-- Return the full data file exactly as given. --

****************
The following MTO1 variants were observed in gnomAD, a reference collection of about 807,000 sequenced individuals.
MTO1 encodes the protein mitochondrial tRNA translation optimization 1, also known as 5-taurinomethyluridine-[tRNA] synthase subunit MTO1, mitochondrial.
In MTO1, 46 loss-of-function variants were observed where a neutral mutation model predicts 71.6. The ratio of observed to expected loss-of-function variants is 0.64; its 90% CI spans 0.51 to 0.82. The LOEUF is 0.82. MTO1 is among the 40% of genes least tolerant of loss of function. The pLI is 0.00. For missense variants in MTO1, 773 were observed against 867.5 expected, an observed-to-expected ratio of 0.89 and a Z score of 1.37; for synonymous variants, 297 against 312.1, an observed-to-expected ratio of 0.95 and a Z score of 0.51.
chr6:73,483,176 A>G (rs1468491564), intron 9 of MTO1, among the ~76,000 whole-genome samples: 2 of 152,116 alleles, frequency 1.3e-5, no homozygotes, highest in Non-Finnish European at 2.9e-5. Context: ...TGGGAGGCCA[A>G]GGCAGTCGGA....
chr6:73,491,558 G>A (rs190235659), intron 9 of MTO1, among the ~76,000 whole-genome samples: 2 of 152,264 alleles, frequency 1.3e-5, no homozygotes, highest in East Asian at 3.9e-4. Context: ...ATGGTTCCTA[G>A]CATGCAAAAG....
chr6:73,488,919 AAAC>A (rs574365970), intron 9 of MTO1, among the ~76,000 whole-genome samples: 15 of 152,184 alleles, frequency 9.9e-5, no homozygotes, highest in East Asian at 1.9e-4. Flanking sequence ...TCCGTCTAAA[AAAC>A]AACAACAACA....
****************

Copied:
The following MTO1 variants were observed in gnomAD, a reference collection of about 807,000 sequenced individuals.
MTO1 encodes the protein mitochondrial tRNA translation optimization 1, also known as 5-taurinomethyluridine-[tRNA] synthase subunit MTO1, mitochondrial.
In MTO1, 46 loss-of-function variants were observed where a neutral mutation model predicts 71.6. The ratio of observed to expected loss-of-function variants is 0.64; its 90% CI spans 0.51 to 0.82. The LOEUF is 0.82. MTO1 is among the 40% of genes least tolerant of loss of function. The pLI is 0.00. For missense variants in MTO1, 773 were observed against 867.5 expected, an observed-to-expected ratio of 0.89 and a Z score of 1.37; for synonymous variants, 297 against 312.1, an observed-to-expected ratio of 0.95 and a Z score of 0.51.
chr6:73,483,176 A>G (rs1468491564), intron 9 of MTO1, among the ~76,000 whole-genome samples: 2 of 152,116 alleles, frequency 1.3e-5, no homozygotes, highest in Non-Finnish European at 2.9e-5. Context: ...TGGGAGGCCA[A>G]GGCAGTCGGA....
chr6:73,491,558 G>A (rs190235659), intron 9 of MTO1, among the ~76,000 whole-genome samples: 2 of 152,264 alleles, frequency 1.3e-5, no homozygotes, highest in East Asian at 3.9e-4. Context: ...ATGGTTCCTA[G>A]CATGCAAAAG....
chr6:73,488,919 AAAC>A (rs574365970), intron 9 of MTO1, among the ~76,000 whole-genome samples: 15 of 152,184 alleles, frequency 9.9e-5, no homozygotes, highest in East Asian at 1.9e-4. Flanking sequence ...TCCGTCTAAA[AAAC>A]AACAACAACA....